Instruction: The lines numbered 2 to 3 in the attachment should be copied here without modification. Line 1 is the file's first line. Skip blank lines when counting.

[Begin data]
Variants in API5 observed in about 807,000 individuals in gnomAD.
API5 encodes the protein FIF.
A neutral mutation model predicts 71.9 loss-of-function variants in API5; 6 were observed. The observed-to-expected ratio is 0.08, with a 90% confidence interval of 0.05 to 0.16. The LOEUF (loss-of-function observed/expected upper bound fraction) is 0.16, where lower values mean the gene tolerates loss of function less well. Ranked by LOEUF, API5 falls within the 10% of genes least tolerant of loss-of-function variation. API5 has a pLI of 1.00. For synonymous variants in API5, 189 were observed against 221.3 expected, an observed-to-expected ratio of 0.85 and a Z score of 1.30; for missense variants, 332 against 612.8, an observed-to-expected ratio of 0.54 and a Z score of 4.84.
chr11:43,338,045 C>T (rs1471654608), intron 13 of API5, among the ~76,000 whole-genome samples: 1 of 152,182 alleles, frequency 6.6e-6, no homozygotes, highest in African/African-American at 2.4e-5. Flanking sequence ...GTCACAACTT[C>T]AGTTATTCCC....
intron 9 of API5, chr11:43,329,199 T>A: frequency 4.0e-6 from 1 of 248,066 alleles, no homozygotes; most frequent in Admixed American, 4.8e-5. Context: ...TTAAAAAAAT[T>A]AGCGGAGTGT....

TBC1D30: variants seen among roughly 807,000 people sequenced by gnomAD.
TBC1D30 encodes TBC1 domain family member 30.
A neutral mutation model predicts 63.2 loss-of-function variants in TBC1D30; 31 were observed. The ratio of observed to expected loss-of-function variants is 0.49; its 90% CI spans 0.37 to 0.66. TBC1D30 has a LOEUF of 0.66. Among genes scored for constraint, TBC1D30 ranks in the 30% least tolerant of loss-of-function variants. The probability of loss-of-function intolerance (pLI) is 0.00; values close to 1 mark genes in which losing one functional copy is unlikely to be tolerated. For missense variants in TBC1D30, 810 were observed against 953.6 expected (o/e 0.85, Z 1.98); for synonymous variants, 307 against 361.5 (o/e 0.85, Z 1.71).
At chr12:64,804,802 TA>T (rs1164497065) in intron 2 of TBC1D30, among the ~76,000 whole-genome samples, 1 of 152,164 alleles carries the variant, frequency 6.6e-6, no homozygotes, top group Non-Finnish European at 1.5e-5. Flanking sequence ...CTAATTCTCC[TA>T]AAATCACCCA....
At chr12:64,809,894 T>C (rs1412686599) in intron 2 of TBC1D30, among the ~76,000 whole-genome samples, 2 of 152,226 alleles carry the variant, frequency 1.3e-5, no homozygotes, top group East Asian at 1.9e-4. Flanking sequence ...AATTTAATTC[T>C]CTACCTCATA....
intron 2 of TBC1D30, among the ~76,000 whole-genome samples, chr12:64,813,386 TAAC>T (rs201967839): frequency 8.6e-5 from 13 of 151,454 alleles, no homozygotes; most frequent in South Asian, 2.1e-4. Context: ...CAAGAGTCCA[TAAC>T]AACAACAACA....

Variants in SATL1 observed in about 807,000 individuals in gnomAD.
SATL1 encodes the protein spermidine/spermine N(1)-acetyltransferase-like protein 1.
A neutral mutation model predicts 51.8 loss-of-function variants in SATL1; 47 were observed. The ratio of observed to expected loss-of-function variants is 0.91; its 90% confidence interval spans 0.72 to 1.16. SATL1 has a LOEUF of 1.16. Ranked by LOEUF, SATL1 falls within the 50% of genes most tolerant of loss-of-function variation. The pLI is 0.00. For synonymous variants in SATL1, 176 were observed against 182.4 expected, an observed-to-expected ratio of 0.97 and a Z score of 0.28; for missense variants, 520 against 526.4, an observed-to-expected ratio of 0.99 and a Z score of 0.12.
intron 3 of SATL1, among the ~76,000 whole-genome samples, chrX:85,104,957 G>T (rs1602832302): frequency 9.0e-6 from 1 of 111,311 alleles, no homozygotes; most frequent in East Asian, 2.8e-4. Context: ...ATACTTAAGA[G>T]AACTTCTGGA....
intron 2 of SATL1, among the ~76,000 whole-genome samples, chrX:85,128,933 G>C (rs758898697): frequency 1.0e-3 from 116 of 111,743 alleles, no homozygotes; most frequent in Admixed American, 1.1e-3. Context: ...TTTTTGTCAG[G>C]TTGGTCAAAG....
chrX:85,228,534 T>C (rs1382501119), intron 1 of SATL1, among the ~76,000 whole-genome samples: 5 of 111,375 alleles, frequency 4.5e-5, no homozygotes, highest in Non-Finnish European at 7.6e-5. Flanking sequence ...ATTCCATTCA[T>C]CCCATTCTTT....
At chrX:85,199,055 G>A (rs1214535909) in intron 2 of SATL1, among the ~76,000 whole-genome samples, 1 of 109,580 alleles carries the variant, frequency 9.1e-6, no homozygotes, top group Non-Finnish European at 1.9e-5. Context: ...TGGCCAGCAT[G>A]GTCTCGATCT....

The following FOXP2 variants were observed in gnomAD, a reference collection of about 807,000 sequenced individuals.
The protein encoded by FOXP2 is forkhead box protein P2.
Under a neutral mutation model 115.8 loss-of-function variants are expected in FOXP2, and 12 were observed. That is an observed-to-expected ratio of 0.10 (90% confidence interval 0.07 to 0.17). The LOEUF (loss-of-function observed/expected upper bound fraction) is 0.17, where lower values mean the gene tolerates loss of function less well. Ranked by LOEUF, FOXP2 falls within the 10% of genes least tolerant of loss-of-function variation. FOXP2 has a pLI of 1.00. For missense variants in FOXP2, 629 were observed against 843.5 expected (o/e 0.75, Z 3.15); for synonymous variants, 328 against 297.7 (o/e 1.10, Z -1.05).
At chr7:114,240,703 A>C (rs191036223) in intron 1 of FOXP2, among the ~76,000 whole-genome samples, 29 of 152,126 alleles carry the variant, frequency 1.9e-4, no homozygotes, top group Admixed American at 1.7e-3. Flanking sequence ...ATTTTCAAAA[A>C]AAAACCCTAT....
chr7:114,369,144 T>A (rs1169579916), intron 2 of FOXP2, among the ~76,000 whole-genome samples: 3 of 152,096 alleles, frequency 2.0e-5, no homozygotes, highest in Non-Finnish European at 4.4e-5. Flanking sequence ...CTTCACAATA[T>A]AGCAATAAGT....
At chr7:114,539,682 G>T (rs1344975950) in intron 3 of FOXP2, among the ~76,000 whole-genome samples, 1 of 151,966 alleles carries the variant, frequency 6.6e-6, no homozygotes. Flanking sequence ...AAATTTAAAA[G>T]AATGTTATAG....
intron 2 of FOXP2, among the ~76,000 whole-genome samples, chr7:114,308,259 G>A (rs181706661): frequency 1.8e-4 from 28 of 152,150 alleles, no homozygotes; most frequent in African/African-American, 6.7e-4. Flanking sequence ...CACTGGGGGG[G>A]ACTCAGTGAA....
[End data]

API5 encodes the protein FIF.
A neutral mutation model predicts 71.9 loss-of-function variants in API5; 6 were observed. The observed-to-expected ratio is 0.08, with a 90% confidence interval of 0.05 to 0.16. The LOEUF (loss-of-function observed/expected upper bound fraction) is 0.16, where lower values mean the gene tolerates loss of function less well. Ranked by LOEUF, API5 falls within the 10% of genes least tolerant of loss-of-function variation. API5 has a pLI of 1.00. For synonymous variants in API5, 189 were observed against 221.3 expected, an observed-to-expected ratio of 0.85 and a Z score of 1.30; for missense variants, 332 against 612.8, an observed-to-expected ratio of 0.54 and a Z score of 4.84.